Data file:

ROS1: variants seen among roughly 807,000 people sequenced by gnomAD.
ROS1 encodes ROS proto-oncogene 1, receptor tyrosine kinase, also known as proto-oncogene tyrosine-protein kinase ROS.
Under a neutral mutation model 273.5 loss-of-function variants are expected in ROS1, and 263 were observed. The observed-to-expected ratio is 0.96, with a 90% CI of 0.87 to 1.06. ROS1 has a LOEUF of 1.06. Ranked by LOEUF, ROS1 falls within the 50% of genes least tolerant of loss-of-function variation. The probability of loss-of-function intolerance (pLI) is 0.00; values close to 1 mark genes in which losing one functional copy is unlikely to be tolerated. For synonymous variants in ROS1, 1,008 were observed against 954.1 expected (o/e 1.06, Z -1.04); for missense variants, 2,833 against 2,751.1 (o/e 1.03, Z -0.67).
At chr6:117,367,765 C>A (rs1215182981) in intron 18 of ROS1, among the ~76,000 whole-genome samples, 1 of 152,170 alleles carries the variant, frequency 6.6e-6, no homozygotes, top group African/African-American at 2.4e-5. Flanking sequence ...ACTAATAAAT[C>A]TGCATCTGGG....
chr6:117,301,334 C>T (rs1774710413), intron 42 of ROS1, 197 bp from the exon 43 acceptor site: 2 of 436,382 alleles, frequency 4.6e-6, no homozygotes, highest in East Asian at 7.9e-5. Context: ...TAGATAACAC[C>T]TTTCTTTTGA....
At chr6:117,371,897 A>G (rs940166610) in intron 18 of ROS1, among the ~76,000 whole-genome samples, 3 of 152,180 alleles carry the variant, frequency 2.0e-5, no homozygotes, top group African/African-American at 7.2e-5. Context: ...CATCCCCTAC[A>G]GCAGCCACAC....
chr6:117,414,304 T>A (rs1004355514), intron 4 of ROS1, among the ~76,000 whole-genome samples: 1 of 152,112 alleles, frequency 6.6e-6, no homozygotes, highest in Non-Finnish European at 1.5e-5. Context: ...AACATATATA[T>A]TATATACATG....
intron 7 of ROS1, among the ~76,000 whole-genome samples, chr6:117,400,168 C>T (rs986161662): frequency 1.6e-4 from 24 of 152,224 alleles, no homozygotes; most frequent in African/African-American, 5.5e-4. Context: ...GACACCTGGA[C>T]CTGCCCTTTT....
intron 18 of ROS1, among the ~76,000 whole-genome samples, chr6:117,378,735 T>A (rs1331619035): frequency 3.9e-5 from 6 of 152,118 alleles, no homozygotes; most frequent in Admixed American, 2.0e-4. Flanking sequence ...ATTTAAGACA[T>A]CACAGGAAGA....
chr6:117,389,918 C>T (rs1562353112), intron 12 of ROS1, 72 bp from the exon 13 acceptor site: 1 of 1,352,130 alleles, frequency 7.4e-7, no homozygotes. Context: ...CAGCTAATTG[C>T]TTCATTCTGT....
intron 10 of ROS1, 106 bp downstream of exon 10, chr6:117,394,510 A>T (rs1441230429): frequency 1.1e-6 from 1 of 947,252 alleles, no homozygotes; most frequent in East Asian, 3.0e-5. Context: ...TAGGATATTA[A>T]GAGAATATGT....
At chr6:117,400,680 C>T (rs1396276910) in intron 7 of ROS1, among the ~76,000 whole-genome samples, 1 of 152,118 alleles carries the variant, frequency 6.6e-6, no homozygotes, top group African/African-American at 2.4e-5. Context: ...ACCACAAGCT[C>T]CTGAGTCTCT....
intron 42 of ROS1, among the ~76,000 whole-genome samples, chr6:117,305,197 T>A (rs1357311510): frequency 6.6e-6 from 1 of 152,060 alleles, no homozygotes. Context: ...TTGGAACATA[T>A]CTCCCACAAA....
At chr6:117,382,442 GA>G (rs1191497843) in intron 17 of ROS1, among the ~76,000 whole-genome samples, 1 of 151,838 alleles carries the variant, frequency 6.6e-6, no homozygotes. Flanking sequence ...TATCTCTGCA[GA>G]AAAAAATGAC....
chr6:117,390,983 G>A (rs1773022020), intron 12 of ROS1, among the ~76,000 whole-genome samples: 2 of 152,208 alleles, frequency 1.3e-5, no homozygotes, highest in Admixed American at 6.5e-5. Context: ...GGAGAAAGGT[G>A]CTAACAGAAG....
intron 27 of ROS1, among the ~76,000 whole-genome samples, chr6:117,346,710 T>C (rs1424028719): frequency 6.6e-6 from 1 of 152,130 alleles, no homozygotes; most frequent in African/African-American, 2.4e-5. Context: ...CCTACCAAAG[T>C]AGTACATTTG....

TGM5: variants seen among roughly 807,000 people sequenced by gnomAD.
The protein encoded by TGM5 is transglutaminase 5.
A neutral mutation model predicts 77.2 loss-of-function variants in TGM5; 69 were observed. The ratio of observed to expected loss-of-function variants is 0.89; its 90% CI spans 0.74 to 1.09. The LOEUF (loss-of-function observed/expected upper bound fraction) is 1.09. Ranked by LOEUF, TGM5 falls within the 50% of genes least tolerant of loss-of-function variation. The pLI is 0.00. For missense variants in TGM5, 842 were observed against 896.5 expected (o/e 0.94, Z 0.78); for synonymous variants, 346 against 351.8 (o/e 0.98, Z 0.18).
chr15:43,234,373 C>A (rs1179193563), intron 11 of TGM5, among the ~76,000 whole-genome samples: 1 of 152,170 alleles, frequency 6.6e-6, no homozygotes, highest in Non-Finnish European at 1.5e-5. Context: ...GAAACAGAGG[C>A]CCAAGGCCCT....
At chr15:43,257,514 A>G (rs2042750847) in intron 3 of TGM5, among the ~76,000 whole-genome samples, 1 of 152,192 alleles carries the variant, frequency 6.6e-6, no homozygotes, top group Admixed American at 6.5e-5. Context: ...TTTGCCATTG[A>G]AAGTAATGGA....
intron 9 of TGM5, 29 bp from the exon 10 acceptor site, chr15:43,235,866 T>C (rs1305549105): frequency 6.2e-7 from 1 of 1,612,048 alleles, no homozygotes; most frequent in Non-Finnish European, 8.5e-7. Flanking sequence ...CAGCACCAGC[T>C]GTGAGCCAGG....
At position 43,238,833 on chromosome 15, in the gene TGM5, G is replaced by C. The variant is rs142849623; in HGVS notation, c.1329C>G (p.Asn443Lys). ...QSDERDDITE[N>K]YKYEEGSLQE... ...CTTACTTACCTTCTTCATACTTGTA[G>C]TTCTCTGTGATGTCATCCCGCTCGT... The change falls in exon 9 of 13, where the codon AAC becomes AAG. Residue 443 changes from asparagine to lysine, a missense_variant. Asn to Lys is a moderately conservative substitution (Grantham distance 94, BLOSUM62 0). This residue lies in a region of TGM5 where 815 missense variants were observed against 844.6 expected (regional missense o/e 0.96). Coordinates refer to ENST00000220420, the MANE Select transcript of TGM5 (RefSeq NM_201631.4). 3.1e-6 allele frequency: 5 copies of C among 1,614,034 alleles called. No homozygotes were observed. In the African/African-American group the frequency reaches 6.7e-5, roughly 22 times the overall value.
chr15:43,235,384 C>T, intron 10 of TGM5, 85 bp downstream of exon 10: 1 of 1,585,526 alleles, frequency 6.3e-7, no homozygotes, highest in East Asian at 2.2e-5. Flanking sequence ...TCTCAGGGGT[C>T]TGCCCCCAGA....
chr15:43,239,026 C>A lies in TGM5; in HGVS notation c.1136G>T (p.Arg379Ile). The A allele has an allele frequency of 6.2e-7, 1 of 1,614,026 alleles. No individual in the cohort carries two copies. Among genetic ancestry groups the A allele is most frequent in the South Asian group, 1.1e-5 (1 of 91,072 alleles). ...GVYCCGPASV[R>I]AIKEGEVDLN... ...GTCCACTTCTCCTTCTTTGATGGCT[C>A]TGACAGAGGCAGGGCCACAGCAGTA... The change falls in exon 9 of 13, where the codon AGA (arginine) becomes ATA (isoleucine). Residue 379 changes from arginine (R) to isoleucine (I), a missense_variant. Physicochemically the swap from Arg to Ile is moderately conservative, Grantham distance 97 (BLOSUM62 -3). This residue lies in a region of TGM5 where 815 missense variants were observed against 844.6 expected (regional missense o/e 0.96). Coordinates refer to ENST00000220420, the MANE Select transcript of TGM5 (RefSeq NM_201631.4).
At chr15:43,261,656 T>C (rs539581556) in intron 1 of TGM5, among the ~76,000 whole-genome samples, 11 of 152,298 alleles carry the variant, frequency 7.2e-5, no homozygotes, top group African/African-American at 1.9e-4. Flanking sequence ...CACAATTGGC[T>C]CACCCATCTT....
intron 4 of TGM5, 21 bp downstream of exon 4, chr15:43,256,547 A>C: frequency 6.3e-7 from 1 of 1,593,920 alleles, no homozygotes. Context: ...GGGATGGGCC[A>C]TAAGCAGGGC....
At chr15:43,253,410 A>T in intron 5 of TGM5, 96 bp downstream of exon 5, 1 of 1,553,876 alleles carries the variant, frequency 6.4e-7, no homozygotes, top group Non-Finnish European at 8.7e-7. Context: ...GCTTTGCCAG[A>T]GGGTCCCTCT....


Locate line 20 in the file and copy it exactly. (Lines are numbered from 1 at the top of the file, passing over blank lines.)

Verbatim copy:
chr15:43,234,373 C>A (rs1179193563), intron 11 of TGM5, among the ~76,000 whole-genome samples: 1 of 152,170 alleles, frequency 6.6e-6, no homozygotes, highest in Non-Finnish European at 1.5e-5. Context: ...GAAACAGAGG[C>A]CCAAGGCCCT....